The school is structured in such a way as to be completely reimagined every year. For the 2011–12 edition, artist Emily Jacir served as resident professor, designing her curriculum around evocative words such as trickster, trauma, and troubadour. The agenda was paced by workshops with the artists Alfredo Jaar, Willie Doherty, Hito Steyerl, and Hassan Khan; seminars with Kamran Rastegar (on postcolonial cinema), Franco “Bifo” Berardi (on financial crisis and collapse), and Cesare Pietroiusti (on forms of exchange); field trips; formal and informal crits; and a mentoring system with local artists, writers, and curators, including Lamia Joreige of the Beirut Art Center, Akram Zaatari of the Arab Image Foundation, and Mirene Arsanios from the project space 98weeks. For the school’s second year, which started this past September and runs through July, Matthias Lilienthal, a frequent collaborator of the late Christoph Schlingensief and director of the independent theater company Hebbel am Ufer in Berlin, has taken up the job of resident professor. The third edition of the program, beginning next September, will be presided over by Anton Vidokle and Jalal Toufic, a sign that Ashkal Alwan plans to take on the challenge of picking apart and poking holes in contemporary art’s educational turn.

While every class will be trying something new, the fourteen students who made up the first year’s class (the number later dropped to twelve) were the real guinea pigs, depended on to make their own mistakes and to manage the mistakes of others, including their teachers. Virtually everyone involved agreed that the biggest miscalculation had been the closing event, a disappointingly conventional two-week-long exhibition titled “Open Studios.” The idea has already been scratched from Lillenthal’s edition on account of its failure to do justice to what had happened, what had been tried, and what had been learned during the year.

What did happen, then? Some hints were provided by the artist Raphael Fleuriet, who turned the tables on the exhibition with Ignis Fatuus, 2012, a series of intimate discussions in Ashkal Alwan’s library scheduled over the course of fourteen days, which he used to share his research (on subjects ranging from politics and paranoia to angels and spies), walk visitors through examples of his work, and constructively critique the first edition of the Home Workspace Program. As a group, the students didn’t establish a theoretical framework to sustain their discussions, he said. “All of our crit sessions began with the words ‘I feel.’”

One reason for this may have been the dramatically uneven levels of experience and exposure among the students. Although many of them had already been to art school—Fleuriet studied with Doug Ashford, Hans Haacke, and Walid Raad at the Cooper Union in New York; Mahmoud Khaled is a graduate of the painting program at Alexandria University in Egypt; Noor Abu Arafeh did fine art at Bezalel Academy of Arts and Design in Jerusalem—some had no background in the visual arts at all, which reportedly made finding common discursive ground in their daily conversations difficult. Whatever the reason, the works in the end-of-year exhibition were characterized, for the most part, by staggering delicacy, as if the art-school-as-incubator hadn’t yet prepared anything tough enough to hatch. Shyness had never been much a part of Ashkal Alwan’s style, but there it was, on display.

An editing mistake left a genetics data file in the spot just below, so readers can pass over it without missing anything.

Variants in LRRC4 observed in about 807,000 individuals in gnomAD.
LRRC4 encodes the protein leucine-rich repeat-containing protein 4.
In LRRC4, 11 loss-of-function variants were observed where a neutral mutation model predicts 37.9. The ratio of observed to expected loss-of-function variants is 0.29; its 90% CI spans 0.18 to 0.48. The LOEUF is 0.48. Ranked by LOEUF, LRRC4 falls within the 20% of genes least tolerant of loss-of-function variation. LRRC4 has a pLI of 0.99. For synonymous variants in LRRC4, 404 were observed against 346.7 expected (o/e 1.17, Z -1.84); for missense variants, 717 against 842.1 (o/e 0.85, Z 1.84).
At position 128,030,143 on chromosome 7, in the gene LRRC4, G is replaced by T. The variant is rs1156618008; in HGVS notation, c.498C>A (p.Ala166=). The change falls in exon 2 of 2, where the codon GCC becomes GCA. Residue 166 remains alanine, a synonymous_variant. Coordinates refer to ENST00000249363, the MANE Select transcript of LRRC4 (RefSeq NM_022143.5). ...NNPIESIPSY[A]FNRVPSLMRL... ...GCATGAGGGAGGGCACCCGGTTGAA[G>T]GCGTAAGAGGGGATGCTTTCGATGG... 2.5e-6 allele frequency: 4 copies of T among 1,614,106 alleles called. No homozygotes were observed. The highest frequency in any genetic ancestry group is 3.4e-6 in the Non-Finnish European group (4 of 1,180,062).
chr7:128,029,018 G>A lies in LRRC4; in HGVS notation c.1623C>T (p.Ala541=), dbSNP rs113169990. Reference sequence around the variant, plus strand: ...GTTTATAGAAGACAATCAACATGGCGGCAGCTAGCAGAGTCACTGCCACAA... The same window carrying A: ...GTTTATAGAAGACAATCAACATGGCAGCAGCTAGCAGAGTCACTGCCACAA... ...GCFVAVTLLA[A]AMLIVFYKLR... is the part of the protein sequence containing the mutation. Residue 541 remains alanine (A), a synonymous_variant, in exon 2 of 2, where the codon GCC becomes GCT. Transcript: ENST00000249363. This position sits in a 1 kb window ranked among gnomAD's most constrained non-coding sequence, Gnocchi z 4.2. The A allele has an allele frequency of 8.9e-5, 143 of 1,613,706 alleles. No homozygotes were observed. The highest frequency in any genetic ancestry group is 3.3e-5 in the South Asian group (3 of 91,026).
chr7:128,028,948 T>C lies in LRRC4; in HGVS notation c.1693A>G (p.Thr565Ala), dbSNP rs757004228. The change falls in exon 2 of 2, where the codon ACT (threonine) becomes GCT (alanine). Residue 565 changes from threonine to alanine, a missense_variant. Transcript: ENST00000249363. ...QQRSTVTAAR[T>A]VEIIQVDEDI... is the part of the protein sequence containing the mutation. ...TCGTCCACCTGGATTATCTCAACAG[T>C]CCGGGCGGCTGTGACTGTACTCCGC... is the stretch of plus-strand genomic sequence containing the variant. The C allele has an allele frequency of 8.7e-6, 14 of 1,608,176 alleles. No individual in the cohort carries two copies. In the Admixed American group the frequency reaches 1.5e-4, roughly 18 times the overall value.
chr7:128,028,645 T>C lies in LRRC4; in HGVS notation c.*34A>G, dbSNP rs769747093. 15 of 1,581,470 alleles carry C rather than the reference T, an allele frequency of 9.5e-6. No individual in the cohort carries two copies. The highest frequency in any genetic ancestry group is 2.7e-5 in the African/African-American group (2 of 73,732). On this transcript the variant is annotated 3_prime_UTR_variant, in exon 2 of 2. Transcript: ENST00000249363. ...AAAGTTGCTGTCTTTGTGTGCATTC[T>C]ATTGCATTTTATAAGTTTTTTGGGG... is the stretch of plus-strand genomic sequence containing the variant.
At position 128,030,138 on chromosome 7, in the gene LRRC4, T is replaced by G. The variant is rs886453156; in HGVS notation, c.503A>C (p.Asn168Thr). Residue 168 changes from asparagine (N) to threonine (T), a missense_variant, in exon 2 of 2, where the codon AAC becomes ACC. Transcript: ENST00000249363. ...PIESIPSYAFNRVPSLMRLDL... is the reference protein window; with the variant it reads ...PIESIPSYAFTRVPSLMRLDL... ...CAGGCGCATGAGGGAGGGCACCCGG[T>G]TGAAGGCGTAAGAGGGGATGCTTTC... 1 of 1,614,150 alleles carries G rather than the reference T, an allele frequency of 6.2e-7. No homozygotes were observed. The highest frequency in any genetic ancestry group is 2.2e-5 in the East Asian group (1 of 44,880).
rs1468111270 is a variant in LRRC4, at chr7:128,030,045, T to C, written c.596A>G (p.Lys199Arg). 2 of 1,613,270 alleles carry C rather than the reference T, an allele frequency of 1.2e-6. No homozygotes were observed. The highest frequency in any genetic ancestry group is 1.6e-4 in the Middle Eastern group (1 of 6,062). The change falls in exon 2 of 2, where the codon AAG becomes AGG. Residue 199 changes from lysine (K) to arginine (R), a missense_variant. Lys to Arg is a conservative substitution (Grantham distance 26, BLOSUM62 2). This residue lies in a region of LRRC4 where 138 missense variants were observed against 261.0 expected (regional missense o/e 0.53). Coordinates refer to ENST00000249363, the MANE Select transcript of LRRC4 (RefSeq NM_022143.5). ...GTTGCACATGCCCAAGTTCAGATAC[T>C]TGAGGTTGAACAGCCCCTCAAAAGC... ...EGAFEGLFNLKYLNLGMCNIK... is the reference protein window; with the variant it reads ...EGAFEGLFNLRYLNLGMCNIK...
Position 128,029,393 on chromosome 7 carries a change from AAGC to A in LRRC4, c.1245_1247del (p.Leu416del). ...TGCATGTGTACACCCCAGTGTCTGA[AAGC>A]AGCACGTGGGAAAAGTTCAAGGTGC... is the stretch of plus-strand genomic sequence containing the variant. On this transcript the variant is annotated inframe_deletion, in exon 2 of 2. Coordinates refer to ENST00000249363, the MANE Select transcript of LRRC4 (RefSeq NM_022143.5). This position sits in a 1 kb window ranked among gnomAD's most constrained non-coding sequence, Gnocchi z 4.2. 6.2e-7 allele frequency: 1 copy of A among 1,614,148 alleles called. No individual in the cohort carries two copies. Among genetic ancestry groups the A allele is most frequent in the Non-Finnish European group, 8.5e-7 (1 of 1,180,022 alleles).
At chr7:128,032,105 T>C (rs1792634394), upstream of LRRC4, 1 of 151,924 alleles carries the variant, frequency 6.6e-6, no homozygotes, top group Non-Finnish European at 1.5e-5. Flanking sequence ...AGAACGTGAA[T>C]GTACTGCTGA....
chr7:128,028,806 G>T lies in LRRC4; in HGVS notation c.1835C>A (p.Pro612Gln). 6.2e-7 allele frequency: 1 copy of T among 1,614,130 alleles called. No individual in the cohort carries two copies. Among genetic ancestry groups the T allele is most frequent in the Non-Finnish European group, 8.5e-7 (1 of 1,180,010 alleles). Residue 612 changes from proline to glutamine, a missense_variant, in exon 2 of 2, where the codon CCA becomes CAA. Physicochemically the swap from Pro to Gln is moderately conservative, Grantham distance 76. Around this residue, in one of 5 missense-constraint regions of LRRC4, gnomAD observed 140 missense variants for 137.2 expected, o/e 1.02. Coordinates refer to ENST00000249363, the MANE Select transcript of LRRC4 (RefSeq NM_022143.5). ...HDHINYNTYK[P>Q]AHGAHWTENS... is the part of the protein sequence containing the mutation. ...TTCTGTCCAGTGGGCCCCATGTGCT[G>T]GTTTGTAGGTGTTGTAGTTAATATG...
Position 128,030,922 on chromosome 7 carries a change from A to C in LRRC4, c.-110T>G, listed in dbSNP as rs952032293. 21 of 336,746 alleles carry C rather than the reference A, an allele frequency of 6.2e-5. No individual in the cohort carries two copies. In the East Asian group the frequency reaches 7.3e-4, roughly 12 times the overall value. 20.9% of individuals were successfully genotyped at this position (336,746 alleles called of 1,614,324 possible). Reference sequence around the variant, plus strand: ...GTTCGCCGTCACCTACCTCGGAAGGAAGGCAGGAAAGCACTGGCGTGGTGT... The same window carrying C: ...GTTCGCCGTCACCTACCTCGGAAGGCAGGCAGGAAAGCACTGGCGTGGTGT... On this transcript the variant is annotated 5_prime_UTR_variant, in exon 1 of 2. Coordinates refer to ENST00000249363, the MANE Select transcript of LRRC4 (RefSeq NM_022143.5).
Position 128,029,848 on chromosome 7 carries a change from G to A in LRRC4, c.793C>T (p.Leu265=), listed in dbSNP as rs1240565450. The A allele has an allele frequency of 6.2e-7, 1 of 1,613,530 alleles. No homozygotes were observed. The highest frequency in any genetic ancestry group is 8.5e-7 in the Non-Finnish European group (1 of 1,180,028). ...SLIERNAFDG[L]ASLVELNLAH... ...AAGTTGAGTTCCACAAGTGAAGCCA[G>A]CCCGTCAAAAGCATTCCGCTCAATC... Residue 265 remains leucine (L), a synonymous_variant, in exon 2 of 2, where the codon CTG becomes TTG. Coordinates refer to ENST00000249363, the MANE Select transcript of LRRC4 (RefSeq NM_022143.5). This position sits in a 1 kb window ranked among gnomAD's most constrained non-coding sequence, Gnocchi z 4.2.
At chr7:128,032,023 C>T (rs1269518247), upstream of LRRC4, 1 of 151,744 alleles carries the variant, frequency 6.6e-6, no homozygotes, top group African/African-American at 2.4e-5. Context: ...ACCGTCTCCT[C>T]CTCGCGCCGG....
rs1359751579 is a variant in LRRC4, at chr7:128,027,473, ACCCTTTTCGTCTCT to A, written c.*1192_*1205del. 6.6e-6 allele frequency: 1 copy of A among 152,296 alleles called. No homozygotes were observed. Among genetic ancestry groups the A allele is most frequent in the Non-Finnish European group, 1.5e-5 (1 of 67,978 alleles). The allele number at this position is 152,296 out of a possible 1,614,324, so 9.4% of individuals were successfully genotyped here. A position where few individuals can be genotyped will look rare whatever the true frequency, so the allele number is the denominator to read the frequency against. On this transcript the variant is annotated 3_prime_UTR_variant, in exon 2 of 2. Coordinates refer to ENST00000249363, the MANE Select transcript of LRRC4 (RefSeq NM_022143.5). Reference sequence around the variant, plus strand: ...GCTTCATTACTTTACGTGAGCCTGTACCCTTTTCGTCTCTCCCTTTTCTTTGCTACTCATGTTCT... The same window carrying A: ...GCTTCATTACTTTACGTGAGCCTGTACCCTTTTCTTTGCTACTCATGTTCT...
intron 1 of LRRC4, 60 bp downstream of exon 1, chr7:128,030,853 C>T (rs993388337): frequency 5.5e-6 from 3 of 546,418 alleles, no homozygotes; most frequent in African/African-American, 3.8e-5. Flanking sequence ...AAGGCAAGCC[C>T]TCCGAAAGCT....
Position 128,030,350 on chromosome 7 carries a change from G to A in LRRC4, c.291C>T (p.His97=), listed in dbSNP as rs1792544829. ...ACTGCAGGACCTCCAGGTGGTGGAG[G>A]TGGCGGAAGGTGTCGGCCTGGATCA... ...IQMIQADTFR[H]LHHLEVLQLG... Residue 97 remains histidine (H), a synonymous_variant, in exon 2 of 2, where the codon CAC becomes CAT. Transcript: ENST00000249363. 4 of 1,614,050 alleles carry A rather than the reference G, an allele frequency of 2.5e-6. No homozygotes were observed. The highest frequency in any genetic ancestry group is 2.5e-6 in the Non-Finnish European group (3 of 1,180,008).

Sarah Farahat, A Year in a Day, 2012. Performance view, Ashkal Alwan, Beirut, July 18, 2012.

A FEW DAYS BEFORE the show came to an end, I spent a couple of hours in Ashkal Alwan’s space. One of the highlights was listening to a scratched-up compilation of music and sound experiments Namy had made and pressed onto vinyl. It was a fine counterpoint to his series of large-scale photographs “Constellations,” 2012, detailing audio ephemera such as an empty cassette case and the thin plastic slipcovers typically used for pirated CDs and DVDs. (It was also proof that, despite the botched performance, he is a promising talent.) Fleuriet was preparing for another conversation. Then, at half-hour intervals, the artist Sarah Farahat came to sit on the landing at the top of the stairs that led into the reception area, a space that doubles as a smoking room and thus a sociable place to linger. Every time she took her place, Farahat removed her red shoes and began to speak. Her mode of address was casual and wincingly intimate. I cringed at the personal revelations, the observations of being an American of Arab ancestry in Beirut, the anecdotes about her sex life, the earnestness of her responses to the ups and downs of the ill-fated Arab Spring, labor issues in Lebanon, the horrors in Syria, and Trayvon Martin and Obama and John McCain.

In her ten months of living in Beirut, Farahat had done more community outreach than a nonprofit with years of programming and a budget to match. She made a small magazine called the Beirut Journal for Radical Activation, organized donation-only acupuncture sessions at 98weeks (she’s a certified practitioner), created a residency program for artists at a restaurant associated with the Beirut farmers’ market, Souk el-Tayeb, where she orchestrated a celebration of Ethiopian cuisine, and called attention to the terrible conditions of Lebanon’s foreign workforce in the process. Some of the artists who made the Beirut art scene what it is, and who, for the first time this summer, earned the tongue-in-cheek nickname “the Elders,” expressed exasperation at Farahat’s work. One told me flatly that he hated it. It was so American. It was so far from the founding styles, issues, and concerns of “the group.” But Farahat’s work addressed conditions and circumstances that the Elders have ignored in their own city for decades, to the extent that their work has begun to appear insular at times, as the life of the city changes and moves on, demanding new forms of engagement. Farahat’s project was disarmingly sincere, unabashedly feminist, and deceptive in its simplicity. Her texts, seemingly off-the-cuff and confessional, were actually polished and probing. Her last performance ended: “With all due respect, I don’t really care. What feels right is this. Me and you. Is it a fair exchange? I don’t know, probably not. Am I offering you a telescope. Or are you just giving me an ear? Will my words linger in your ears longer than your looks do in my eyes?” A little embarrassing? Maybe. But if the work gets in the way and makes an audience queasy and prone to questioning, that might be what a school like this is for, and what a meaningful public space in Beirut could become.

Kaelen Wilson-Goldie is a critic based in Beirut.